Opinion: how should those now working from home due to the coronavirus deal with guilt and exhaustion?
In the current work environment, where a large number of us are now working remotely from our homes, how good are we at identifying when enough work is enough, or do we have trouble detaching from work and calling it a day? I often idealised working from home uninterrupted and how productive I would be, but this is not the case in our new remote working environment. Many now find that formal and ad-hoc meetings can now continue virtually and we are permanently accessible and "always on". Working from home is no longer the peaceful uninterrupted space where we can get some concentrated work completed, and it probably never will be again in a post Covid-19 workplace.
Many remote workers are now saying they are working longer hours and finding it harder to switch off from work. Knowing when to switch off and being able to ignore the screen and technology that has permanently moved into your home, has become more and more difficult for some. What’s stopping us from switching off? Could it be guilt?
The guilt complex
Guilt is a self-conscious emotion that results from relationships and interactions. It arises from a perceived or anticipated public exposure and disapproval of some shortcoming or transgression. This unpleasant emotion is activated when we focus on our behaviour and perceive that we have failed to meet internalised social standards such as morality or competence.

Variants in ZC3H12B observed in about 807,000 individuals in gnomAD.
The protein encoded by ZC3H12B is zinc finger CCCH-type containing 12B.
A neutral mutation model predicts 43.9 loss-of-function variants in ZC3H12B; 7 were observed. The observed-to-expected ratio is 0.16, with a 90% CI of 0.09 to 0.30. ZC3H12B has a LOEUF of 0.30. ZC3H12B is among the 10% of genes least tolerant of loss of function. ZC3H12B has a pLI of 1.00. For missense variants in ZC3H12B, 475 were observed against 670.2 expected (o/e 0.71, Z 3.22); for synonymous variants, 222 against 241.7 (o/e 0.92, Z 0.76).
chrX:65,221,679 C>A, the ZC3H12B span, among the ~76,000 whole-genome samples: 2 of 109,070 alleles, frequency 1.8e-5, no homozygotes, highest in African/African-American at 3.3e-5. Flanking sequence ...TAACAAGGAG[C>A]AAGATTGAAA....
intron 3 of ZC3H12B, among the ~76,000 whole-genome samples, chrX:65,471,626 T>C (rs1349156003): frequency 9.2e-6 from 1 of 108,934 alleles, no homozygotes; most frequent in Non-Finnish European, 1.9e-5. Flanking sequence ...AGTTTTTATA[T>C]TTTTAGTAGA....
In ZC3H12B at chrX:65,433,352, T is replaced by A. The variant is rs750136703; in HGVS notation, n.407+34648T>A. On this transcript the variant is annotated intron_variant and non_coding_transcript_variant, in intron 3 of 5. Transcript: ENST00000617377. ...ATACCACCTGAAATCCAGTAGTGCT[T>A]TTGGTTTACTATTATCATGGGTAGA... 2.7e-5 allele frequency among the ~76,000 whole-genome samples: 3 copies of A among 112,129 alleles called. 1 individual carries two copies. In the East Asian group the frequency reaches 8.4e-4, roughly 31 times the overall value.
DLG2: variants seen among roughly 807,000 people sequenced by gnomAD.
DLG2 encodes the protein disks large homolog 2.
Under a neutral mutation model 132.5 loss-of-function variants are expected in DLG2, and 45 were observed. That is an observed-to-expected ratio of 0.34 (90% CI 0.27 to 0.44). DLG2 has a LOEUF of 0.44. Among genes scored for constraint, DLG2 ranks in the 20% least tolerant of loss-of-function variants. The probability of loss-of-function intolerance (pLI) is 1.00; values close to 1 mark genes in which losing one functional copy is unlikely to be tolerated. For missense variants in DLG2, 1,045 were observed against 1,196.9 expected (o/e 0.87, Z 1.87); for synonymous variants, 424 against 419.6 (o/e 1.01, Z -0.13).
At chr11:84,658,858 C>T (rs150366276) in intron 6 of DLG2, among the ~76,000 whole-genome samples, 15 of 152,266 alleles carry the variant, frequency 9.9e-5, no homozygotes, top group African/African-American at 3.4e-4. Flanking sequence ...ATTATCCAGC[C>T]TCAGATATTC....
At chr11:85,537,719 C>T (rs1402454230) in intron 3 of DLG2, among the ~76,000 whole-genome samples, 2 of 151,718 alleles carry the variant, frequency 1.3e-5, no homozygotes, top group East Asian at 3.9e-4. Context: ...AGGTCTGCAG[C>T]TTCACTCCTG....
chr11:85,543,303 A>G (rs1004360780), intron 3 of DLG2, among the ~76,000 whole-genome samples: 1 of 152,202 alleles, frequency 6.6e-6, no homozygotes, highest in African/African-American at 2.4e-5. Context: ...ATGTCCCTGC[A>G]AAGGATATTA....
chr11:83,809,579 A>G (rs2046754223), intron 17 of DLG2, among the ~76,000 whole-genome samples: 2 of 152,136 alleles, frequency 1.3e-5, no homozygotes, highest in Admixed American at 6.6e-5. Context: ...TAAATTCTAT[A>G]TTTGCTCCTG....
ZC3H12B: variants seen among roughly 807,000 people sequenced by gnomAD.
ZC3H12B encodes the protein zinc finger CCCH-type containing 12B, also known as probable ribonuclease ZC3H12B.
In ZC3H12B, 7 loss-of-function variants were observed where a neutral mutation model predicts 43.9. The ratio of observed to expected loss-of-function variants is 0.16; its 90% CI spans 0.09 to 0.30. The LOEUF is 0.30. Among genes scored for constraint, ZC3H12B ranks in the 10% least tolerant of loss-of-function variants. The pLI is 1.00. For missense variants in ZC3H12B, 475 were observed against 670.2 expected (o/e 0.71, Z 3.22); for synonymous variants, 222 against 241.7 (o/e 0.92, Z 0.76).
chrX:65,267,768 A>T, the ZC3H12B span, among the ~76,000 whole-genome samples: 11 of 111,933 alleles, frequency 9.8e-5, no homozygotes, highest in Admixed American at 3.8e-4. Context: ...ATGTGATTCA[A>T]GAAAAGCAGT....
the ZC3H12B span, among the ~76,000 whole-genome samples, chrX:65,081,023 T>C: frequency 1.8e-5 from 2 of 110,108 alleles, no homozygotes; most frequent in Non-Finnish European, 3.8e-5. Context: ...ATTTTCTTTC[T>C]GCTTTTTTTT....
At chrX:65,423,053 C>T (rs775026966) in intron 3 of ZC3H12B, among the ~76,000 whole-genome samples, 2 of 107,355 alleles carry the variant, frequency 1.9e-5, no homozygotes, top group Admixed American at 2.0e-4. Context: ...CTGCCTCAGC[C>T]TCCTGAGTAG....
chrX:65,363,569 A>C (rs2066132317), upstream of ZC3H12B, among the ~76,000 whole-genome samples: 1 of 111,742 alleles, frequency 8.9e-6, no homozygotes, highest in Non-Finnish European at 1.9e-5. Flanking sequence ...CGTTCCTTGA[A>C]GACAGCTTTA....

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In our current work environment, where the boundaries between work and home life have become blurred, the core working day has become fluid to allow employees to balance work and home demands. Knowing when enough work is enough is becoming more difficult and there is the potential to experience guilt when deciding if I should respond to that email that arrives at 9.30pm. Should I also still be working?
Guilt results in a sense of tension, remorse and regret over a "bad thing done". This leads to negative self-evaluative behaviour driving us to ruminate, reassess our actions and work to make amends. If I reply to this email, am I perpetuating a culture of long working hours and condoning a culture of workaholism? If I don’t reply, will my colleagues think I am unreasonable, uncommitted and a slacker. After all, I have nowhere else to be with the country on lockdown. The fact that we are now constantly on and contactable has the added pressure of not wanting to endure public disapproval by not being available.
A new state of wellbeing
But what does this now mean for our wellbeing while working from home? Employee work-related wellbeing has both positive and negative dimensions. Employee wellbeing is a state of job satisfaction and engagement, while employee ill-being is a state of workaholism and burnout.